Epigenetics is the study of changes in gene expression that modify DNA, RNA, and protein – but do not alter the primary sequence. The most common types of epigenetic modifications are methylation, acetylation, phosphorylation, and ubiquitination. These modifications lead to steric changes in chromatin structure that regulate various cellular processes such as transcription, replication, and DNA repair. In the following sections you will learn about histone modifications, writers, erasers, readers, polycomb repressive complexes, and transcription factors and why they are important to the study of epigenetics.
Methylation, acetylation, phosphorylation, and ubitquitination modifications on histones are key players in gene expression. These modifications serve as signals for opening as well as compacting of the chromatin, and also as recruiting factors that promote and antagonize transcription. See figure 1 for important sites of histone post-translational modifications (PTMs) that effect epigenetics.
While doing epigenetics research it is essential to use an antibody that is specific to an individual histone modification because each one represents a unique signal for gene expression. For example, Lys9 on H3 can be acetylated or methylated. Acetylation is an activating modification and methylation has different signals depending upon the number of methyl groups. H3K9me1 is found enriched at transcription start sites, whereas H3K9me2 and H3K9me3 are associated with gene repression. Further, H3K9me2 is specifically associated with chromosome X inactivation. Thus, each modification on H3K9 has a distinct effect on the cell. Knowing the identity of the modification is essential for accurately characterizing expression. In figure 2, a cross reactivity ELISA was run to demonstrate the specificity of an antibody for a di-methyl-histone – histone H3K9me2.
Figure 2. H3K9me2 antibody specifically recognizes di-methyl at Lys9. Cross-reactivity ELISA for demonstrating specificity towards di-methyl-histone H3 Lys9 (Histone H3K9me2) was performed using histone H3K9me2 recombinant rabbit monoclonal antibody (Cat. No. 701783). The antigens (H3K9me1, H3K9me2, H3K9me3, and H3K9) were coated at 0.004 µg/mL. Antibodies at 10, 2.5, 0.625, and 0.156 µg/mL were added and the signal was detected using goat anti–rabbit IgG (H+L) secondary antibody, HRP conjugate (Cat. No. G-21234, diluted 1:5,000). The plate was developed using Stabilized Chromogen, TMB (Cat. No. SB02) and detected at an absorbance of 488 nm.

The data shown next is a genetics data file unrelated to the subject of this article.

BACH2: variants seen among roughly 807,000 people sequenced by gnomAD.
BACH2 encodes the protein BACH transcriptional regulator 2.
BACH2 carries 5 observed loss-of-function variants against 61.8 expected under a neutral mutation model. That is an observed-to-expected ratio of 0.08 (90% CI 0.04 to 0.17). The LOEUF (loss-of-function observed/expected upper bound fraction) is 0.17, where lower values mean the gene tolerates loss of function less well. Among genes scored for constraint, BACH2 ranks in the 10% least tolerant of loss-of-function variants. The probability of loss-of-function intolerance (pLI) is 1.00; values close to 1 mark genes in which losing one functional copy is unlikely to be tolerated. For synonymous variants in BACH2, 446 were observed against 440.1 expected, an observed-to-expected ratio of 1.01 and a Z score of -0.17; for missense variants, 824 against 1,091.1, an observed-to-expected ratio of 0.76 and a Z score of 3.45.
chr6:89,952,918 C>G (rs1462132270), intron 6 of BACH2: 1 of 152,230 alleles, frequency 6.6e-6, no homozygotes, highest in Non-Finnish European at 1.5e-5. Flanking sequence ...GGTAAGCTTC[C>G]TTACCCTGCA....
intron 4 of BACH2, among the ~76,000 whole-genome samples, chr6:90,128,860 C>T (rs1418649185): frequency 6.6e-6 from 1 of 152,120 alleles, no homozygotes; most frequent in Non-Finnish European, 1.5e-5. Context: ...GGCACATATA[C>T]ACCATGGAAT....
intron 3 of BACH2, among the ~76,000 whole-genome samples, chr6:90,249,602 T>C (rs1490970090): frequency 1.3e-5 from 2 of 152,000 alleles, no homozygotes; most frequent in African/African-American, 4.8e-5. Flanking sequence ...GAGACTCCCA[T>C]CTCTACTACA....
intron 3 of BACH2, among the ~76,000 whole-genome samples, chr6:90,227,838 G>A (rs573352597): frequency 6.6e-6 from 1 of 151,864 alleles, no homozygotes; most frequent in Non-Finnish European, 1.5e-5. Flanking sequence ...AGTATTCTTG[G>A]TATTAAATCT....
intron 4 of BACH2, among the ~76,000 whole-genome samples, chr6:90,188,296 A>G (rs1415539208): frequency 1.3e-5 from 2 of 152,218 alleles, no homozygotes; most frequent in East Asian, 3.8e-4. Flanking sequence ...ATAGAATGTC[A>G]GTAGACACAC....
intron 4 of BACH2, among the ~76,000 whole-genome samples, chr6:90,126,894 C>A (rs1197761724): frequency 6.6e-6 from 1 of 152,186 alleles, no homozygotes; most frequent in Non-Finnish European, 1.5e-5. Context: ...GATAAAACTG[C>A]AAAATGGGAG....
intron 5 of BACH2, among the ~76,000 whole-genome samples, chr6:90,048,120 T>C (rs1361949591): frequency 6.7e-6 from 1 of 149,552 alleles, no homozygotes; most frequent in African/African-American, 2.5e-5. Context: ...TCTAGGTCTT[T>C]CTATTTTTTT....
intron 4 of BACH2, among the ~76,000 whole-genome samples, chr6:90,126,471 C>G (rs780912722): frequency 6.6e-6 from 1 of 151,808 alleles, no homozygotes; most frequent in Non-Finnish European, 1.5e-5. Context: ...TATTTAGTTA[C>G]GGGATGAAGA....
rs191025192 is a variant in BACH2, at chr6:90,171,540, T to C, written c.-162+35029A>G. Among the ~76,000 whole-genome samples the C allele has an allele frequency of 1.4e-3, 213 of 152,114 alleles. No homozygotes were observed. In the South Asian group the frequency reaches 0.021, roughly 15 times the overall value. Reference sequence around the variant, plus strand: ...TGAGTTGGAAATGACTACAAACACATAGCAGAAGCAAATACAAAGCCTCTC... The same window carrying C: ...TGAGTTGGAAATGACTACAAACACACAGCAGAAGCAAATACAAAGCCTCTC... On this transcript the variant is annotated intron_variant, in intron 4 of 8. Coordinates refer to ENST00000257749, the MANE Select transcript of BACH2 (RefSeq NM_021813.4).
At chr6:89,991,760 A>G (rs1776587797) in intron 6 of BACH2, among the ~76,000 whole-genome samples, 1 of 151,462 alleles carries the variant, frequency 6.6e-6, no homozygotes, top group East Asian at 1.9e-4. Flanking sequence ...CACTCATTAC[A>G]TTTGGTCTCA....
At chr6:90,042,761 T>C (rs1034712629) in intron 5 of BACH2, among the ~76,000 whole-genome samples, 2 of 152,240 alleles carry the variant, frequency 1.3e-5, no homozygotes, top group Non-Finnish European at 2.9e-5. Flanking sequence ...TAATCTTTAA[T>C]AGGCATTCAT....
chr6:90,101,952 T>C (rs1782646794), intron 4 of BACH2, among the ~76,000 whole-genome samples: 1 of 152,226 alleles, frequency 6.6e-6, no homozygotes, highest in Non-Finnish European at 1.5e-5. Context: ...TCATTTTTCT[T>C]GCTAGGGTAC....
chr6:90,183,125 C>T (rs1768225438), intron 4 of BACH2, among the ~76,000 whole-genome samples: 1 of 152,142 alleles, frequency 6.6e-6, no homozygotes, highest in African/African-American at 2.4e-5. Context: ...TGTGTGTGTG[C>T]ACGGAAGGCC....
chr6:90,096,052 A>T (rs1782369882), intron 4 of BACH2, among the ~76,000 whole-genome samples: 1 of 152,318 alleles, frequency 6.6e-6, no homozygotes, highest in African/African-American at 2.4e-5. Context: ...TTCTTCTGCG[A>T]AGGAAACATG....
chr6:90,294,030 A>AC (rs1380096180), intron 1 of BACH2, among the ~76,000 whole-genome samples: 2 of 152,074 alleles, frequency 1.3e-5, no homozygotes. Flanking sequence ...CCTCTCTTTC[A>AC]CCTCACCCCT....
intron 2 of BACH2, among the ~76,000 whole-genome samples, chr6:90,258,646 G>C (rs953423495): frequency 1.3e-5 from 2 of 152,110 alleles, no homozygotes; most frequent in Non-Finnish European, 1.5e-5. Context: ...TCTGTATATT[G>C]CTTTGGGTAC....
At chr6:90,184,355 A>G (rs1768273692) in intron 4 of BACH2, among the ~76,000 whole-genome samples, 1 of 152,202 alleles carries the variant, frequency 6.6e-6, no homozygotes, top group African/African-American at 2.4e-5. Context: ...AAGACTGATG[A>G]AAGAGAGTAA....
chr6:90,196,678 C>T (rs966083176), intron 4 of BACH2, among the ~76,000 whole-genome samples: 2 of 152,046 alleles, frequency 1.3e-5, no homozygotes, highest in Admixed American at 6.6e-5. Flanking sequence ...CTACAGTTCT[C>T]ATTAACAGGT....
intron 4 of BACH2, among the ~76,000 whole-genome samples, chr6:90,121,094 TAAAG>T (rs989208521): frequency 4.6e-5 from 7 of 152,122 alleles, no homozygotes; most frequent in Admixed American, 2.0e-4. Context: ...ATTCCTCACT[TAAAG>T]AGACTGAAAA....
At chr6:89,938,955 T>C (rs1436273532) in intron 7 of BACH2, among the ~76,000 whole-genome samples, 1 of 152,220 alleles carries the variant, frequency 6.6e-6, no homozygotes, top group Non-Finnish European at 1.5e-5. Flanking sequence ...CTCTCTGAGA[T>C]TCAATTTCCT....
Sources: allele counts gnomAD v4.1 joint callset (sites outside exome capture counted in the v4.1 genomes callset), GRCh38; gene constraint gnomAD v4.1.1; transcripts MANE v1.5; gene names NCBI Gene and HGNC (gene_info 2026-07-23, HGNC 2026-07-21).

Using H3K4me1 as another example, the H3K4me1 antibody must only recognize a single methyl group on Lys4 of H3 and not a di- or trimethylation. Invitrogen ChIP-validated H3K4me1 antibody has greater specificity for that single modification and yields overall higher signal compared to other antibodies tested in a peptide array (figure 3). Specificity of this antibody has also been tested in a biological setting. SETD7 mono-methylates H3 at Lys4. PFI-2 is a potent inhibitor of SETD7. Using this antibody we were able to detect a decrease in H3K4me1 in nuclear lysates of cells treated with PFI-2 (figure 4).
Figure 3. Histone H3K4me1 detection with superior peptide specificity. Peptide arrays were performed using our H3K4me1 recombinant rabbit polyclonal antibody (Cat. No. 710795) and two other suppliers’ antibodies targeting H3K4me1. Arrays were incubated overnight with a 1:2,000 dilution of primary antibody. After washing, they were incubated with goat anti–rabbit IgG (H+L) superclonal secondary antibody (Cat. No. A27036) at a dilution of 1:5,000 for 1 hour. Arrays were incubated with SuperSignal West Pico PLUS substrate (Cat. No. 34578) and then visualized using the myECL Imager.
Figure 4. Identification of a decrease in H3K4me1 in PFI-2 treated cells using H3K4me1 recombinant antibody, Cat. No. 710795. HeLa cells were treated with varying concentrations of SETD7 inhibitors as indicated for 2 hours. Cells were collected, and chromatin-bound nuclear extracts were prepared. Western blot analysis of H3K4me1 (upper panel) was performed by loading 10 µg of acid chromatin-bound nuclear extract in reducing sample buffer (Cat. No. 39000) and protein ladder (Cat. No. 26619) onto a 4–20% Tris-glycine polyacrylamide gel. Proteins were transferred to nitrocellulose membrane (Cat. No. 88018) with Pierce 1-Step Transfer Buffer (Cat. No. 84731) using a semi-dry blotter. Membrane was blocked in StartingBlock T20 (Cat. No. 37543) for 30 minutes at room temperature. H3K4me1 was detected at approximately 17 kDa using a histone H3K4me1 recombinant rabbit antibody (Cat. No. 710795) at a dilution of 1:2,000 in StartingBlock T20 overnight at 4°C on a rocking platform, followed by a goat anti–rabbit Superclonal IgG-HRP secondary antibody (Cat. No. A27036) at a dilution of 1:5,000 for 1 hour. Chemiluminescent detection was performed using SuperSignal West Pico PLUS substrate (Cat. No. 34578) and the myECL Imager. A loading control (lower panel) was performed by stripping the blot with Restore PLUS Western Blot Stripping Buffer (Cat. No. 46430) and re-probing with histone H3 recombinant rabbit antibody (Cat. No. 711055) at a dilution of 1:2,000 in StartingBlock T20 overnight at 4°C on a rocking platform, followed by goat anti–rabbit Superclonal IgG-HRP secondary antibody (Cat. No. A27036) at a dilution of 1:5,000.